Israel prevents UK foreign secretary from visiting Palestinian village terrorised by settlers

Israeli authorities have blocked British Foreign Secretary James Cleverly from visiting a Palestinian village that was recently emptied of its residents after years of Israeli settler violence, Middle East Eye has reported.

Cleverly had planned to visit the West Bank village of Ein Samiya during his three-day trip to Israel and the Palestinian territories in September, but multiple sources told MEE that Israeli authorities blocked the request, with Norwegian Foreign Minister Anniken Huitfeldt and Irish Foreign Minister Micheal Martin also prevented from travelling to the stricken village.

An Israeli foreign ministry spokesman told MEE on Tuesday that Israeli authorities “did not enable the British foreign minister to enter Ein Samiya, as well as the foreign minister of Norway and the foreign minister of Ireland.”

He explained that “the decision was made in consultation with security figures and it was decided not to permit them to arrive at these points”.

“There are specific points they asked to visit and we thought this would lead to escalation,” he stated.

When asked what he meant by escalation, the spokesman replied “violence”.

Later, when questioned whether there were any changes to policy surrounding diplomatic visits to the West Bank, the spokesman replied: “we will look at each visit specifically.”

“They [the ministers] visited Ramallah and so forth. At these specific points and at that specific time we thought it could lead to escalation,” he added.

Following his return to the UK, Cleverly made no reference to Israel’s restrictions to his itinerary despite the British government pouring taxpayer money into the West Bank, including an elementary school in Ein Samiya.

The school was destroyed in mid-August, shortly after more than 170 of Ein Samiya’s Palestinian residents fled following heightened settler attacks.

The residents are currently scattered across the West Bank, with many residing in an open mountainous area near Ramallah.

At the time of their displacement, Yvonne Helle, the UN’s acting humanitarian coordinator for the Occupied Palestinian Territory, said that the “families are not leaving by choice; the Israeli authorities have repeatedly demolished homes and other structures they own and have threatened to destroy their only school”.

“We are witnessing the tragic consequences of longstanding Israeli practices and settler violence.”

For many Palestinians, the decision to flee their ancestral homes is emblematic of a new stage in the Israeli-Palestinian conflict, where Israeli settlers are usually flanked by Israeli soldiers when they launch their rampage through Palestinian villages, towns and neighbourhoods.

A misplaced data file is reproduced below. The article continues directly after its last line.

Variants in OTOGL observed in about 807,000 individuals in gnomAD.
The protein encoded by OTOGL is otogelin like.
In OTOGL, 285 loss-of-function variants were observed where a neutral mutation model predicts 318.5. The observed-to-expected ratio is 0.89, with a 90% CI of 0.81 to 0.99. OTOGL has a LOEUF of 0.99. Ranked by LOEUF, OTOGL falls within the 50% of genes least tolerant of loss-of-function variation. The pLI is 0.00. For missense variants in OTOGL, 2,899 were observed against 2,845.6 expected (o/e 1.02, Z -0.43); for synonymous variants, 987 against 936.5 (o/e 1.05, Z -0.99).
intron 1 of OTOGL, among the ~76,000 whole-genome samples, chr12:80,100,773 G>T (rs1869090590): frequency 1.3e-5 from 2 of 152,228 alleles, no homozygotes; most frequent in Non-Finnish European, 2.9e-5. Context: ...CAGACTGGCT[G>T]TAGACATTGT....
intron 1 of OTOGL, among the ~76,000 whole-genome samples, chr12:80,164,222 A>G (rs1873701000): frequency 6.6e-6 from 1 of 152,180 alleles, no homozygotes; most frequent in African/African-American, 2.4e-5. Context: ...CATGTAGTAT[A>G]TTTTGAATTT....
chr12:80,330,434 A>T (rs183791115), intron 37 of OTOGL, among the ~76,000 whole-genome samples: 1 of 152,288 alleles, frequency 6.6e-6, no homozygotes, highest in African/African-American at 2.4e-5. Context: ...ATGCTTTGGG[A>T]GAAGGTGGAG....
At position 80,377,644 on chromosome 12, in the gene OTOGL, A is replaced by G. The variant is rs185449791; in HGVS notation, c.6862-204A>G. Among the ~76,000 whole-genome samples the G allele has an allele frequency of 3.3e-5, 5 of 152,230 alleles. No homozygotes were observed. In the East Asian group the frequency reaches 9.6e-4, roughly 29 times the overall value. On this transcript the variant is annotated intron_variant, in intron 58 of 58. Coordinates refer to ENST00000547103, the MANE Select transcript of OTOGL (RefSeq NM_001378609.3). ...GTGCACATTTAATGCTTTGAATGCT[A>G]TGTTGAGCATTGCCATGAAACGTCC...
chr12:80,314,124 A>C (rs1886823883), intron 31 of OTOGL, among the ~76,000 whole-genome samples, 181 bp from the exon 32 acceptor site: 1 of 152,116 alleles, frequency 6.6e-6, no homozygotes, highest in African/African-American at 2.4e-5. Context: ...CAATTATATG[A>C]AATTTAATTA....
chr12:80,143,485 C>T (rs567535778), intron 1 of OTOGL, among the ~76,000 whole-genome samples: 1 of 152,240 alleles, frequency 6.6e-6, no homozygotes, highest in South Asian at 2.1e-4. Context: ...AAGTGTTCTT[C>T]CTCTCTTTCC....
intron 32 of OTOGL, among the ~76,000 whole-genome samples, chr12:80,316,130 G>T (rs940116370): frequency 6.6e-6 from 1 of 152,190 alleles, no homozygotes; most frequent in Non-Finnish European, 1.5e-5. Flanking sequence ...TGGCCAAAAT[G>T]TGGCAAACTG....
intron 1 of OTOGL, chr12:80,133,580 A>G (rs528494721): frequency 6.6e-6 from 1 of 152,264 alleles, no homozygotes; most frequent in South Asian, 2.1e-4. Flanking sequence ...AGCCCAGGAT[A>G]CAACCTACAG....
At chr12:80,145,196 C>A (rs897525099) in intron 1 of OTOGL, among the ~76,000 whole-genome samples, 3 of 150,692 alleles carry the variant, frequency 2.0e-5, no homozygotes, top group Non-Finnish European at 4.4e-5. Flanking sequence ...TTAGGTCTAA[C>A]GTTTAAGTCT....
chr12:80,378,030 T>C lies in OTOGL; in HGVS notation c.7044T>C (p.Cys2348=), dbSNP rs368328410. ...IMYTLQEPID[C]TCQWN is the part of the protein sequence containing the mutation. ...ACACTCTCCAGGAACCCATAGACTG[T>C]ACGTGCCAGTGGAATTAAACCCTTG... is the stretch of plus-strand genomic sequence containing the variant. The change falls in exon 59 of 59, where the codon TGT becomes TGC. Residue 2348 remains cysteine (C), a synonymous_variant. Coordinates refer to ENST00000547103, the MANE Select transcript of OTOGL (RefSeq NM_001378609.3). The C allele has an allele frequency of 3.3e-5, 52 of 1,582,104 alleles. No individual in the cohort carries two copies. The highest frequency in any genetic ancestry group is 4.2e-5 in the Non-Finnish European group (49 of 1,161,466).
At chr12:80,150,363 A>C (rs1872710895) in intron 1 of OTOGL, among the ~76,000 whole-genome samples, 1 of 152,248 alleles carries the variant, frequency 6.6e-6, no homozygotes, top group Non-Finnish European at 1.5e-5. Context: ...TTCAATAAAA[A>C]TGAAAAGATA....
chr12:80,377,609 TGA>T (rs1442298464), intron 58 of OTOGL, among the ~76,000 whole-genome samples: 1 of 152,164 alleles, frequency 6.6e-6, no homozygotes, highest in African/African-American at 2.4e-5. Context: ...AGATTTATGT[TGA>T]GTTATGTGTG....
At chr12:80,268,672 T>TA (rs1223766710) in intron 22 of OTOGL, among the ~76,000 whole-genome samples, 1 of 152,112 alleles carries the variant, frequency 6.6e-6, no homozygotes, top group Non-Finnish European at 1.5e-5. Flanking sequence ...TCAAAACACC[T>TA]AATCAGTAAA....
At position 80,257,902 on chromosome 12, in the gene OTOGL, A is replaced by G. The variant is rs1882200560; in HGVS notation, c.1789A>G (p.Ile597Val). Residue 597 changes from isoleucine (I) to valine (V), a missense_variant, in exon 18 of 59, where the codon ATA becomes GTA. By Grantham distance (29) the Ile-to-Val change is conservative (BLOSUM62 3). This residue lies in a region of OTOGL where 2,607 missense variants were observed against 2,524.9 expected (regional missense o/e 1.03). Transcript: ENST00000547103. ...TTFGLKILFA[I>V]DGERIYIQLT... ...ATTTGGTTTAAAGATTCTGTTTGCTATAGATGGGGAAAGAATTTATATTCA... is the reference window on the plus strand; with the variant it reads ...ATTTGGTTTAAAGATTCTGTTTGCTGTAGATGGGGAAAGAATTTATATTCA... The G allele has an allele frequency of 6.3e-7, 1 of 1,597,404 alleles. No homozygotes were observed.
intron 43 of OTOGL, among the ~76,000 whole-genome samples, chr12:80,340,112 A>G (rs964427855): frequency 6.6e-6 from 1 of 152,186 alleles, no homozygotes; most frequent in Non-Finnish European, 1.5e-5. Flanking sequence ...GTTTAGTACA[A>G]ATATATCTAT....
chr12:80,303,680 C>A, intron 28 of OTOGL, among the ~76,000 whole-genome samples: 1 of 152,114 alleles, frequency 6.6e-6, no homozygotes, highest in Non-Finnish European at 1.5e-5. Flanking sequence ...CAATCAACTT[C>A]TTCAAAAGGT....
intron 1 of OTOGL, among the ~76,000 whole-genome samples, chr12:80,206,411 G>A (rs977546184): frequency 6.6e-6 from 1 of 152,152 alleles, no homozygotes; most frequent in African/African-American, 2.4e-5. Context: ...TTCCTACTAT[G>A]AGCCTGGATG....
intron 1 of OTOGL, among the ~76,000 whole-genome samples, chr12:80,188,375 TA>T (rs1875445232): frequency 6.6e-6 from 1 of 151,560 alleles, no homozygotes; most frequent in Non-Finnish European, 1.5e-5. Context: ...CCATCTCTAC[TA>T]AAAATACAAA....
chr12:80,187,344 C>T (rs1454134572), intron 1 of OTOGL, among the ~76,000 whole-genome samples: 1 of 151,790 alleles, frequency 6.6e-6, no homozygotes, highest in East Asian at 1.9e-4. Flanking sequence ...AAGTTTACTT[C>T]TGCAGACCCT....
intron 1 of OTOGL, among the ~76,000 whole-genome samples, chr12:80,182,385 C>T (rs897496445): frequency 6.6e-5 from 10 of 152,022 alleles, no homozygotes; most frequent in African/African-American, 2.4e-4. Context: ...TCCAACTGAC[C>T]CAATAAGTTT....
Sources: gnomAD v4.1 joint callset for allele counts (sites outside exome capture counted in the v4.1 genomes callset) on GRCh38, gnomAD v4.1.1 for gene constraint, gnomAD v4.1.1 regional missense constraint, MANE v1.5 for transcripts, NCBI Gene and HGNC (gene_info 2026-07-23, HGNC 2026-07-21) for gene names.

It’s estimated that between 650,000 and 700,000 Israeli settlers live in hundreds of illegal settlements and outposts across the West Bank and East Jerusalem, which has been militarily occupied by Israel since 1967.

The majority of settlers are armed and Palestinians living in the occupied West Bank and East Jerusalem suffer from hundreds of Israeli settler attacks each year, including beatings, stabbings, shootings and arson.

Following Israel’s decision to block Cleverly’s visit to Ein Samiya, MEE was told that the foreign secretary invited representatives from the stricken village to Ramallah.

Abu Najih Kaa’bniy, who was among those invited, stated that he spoke with Cleverly about “the eviction and the destruction of our community and [increasing] settler violence”.

However, speaking to MEE on Tuesday, he added he didn’t see any real value in his meeting with the British envoy.

“I don’t know if he will do anything for us,” he lamented.

Hazem, another villager, said that the restrictions imposed on Cleverly were not surprising and that Israeli authorities had repeatedly banned foreign officials visiting Ein Samiya.

“We have been told several times about delegations that were cancelled [a] few days before they were supposed to take place,” Hazem added.

“In January and February, we had some international formal delegations, mainly ambassadors who came to the school. But after that the [Israeli] army started to block any formal delegations from abroad.”

Chris Doyle, the director of the Council for Arab-British Understanding (CABU), criticised Cleverly for not raising the restriction publicly and for the UK failing to hold Israel accountable.

“Once again, Israeli authorities show total contempt for those countries who claim to be their friends. But more alarmingly these friends, especially Britain, refuse to hold Israel to account,” he said.

“Cleverly should have spoken out. To remain silent in the face of such injustice is inexcusable. It has happened all too often.”

Meanwhile Sarit Michaeli, international advocacy lead for Israeli human rights group B’Tselem, challenged the security narrative as a “false explanation”.

“I was actually there last Saturday – we got there easily, it’s not a problem,” Michaeli told MEE, adding, “There’s plenty of options to guarantee to safeguard the ability of internationals to visit these places.”

She also criticised Cleverly’s silence which prevented British taxpayers from hearing of the rubble that remains from the school that was partly funded by them.

“Israel is allowed to get away with prohibiting visiting ministers from seeing the reality that Israel inflicts on Palestinians because these visiting ministers refuse to take the action necessary to demand that they are allowed to visit,” she continued.

“Obviously, the responsibility is with Israeli authorities, but there’s also partial responsibility with the international community that acquiesces, that accepts this policy, that doesn’t take action to demand a change.”

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